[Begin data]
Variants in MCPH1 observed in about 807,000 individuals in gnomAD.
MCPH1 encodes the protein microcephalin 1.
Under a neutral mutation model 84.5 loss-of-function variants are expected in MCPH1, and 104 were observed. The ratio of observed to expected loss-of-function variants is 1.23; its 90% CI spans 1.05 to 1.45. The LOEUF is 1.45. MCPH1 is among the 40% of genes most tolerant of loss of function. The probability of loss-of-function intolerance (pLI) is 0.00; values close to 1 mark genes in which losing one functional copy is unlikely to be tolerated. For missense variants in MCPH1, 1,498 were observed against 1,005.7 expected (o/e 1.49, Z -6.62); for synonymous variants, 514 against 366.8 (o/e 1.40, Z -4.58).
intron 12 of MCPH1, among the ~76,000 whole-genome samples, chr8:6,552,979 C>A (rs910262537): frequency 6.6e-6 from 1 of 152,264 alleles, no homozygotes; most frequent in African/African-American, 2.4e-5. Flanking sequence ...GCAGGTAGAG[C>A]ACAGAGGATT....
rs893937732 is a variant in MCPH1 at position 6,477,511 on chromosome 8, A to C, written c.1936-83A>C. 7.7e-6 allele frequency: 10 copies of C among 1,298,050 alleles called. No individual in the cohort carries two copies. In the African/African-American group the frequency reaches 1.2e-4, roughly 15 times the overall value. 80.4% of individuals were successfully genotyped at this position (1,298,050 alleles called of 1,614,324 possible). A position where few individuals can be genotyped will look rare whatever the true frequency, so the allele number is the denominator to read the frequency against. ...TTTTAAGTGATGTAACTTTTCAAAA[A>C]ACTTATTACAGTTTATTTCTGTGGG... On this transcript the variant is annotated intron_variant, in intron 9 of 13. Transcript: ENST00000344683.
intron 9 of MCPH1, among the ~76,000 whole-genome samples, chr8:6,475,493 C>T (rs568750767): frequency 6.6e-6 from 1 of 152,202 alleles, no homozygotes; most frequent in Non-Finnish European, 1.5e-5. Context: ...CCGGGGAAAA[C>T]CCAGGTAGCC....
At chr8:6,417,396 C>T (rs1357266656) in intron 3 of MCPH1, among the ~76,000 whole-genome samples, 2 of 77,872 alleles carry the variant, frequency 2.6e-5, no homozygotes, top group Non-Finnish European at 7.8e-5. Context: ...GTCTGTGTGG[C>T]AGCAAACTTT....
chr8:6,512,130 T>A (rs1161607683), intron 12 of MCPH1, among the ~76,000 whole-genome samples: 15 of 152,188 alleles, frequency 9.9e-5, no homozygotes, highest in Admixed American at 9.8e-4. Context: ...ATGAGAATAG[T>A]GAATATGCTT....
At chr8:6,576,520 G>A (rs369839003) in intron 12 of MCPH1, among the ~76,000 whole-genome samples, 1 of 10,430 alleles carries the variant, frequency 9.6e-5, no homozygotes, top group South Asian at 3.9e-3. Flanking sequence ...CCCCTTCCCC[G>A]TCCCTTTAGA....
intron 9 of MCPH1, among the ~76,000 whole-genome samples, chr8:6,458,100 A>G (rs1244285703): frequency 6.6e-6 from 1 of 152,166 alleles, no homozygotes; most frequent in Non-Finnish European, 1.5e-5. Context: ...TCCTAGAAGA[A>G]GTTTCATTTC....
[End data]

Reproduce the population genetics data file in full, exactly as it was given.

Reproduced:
Variants in MCPH1 observed in about 807,000 individuals in gnomAD.
MCPH1 encodes the protein microcephalin 1.
Under a neutral mutation model 84.5 loss-of-function variants are expected in MCPH1, and 104 were observed. The ratio of observed to expected loss-of-function variants is 1.23; its 90% CI spans 1.05 to 1.45. The LOEUF is 1.45. MCPH1 is among the 40% of genes most tolerant of loss of function. The probability of loss-of-function intolerance (pLI) is 0.00; values close to 1 mark genes in which losing one functional copy is unlikely to be tolerated. For missense variants in MCPH1, 1,498 were observed against 1,005.7 expected (o/e 1.49, Z -6.62); for synonymous variants, 514 against 366.8 (o/e 1.40, Z -4.58).
intron 12 of MCPH1, among the ~76,000 whole-genome samples, chr8:6,552,979 C>A (rs910262537): frequency 6.6e-6 from 1 of 152,264 alleles, no homozygotes; most frequent in African/African-American, 2.4e-5. Flanking sequence ...GCAGGTAGAG[C>A]ACAGAGGATT....
rs893937732 is a variant in MCPH1 at position 6,477,511 on chromosome 8, A to C, written c.1936-83A>C. 7.7e-6 allele frequency: 10 copies of C among 1,298,050 alleles called. No individual in the cohort carries two copies. In the African/African-American group the frequency reaches 1.2e-4, roughly 15 times the overall value. 80.4% of individuals were successfully genotyped at this position (1,298,050 alleles called of 1,614,324 possible). A position where few individuals can be genotyped will look rare whatever the true frequency, so the allele number is the denominator to read the frequency against. ...TTTTAAGTGATGTAACTTTTCAAAA[A>C]ACTTATTACAGTTTATTTCTGTGGG... On this transcript the variant is annotated intron_variant, in intron 9 of 13. Transcript: ENST00000344683.
intron 9 of MCPH1, among the ~76,000 whole-genome samples, chr8:6,475,493 C>T (rs568750767): frequency 6.6e-6 from 1 of 152,202 alleles, no homozygotes; most frequent in Non-Finnish European, 1.5e-5. Context: ...CCGGGGAAAA[C>T]CCAGGTAGCC....
At chr8:6,417,396 C>T (rs1357266656) in intron 3 of MCPH1, among the ~76,000 whole-genome samples, 2 of 77,872 alleles carry the variant, frequency 2.6e-5, no homozygotes, top group Non-Finnish European at 7.8e-5. Context: ...GTCTGTGTGG[C>T]AGCAAACTTT....
chr8:6,512,130 T>A (rs1161607683), intron 12 of MCPH1, among the ~76,000 whole-genome samples: 15 of 152,188 alleles, frequency 9.9e-5, no homozygotes, highest in Admixed American at 9.8e-4. Context: ...ATGAGAATAG[T>A]GAATATGCTT....
At chr8:6,576,520 G>A (rs369839003) in intron 12 of MCPH1, among the ~76,000 whole-genome samples, 1 of 10,430 alleles carries the variant, frequency 9.6e-5, no homozygotes, top group South Asian at 3.9e-3. Flanking sequence ...CCCCTTCCCC[G>A]TCCCTTTAGA....
intron 9 of MCPH1, among the ~76,000 whole-genome samples, chr8:6,458,100 A>G (rs1244285703): frequency 6.6e-6 from 1 of 152,166 alleles, no homozygotes; most frequent in Non-Finnish European, 1.5e-5. Context: ...TCCTAGAAGA[A>G]GTTTCATTTC....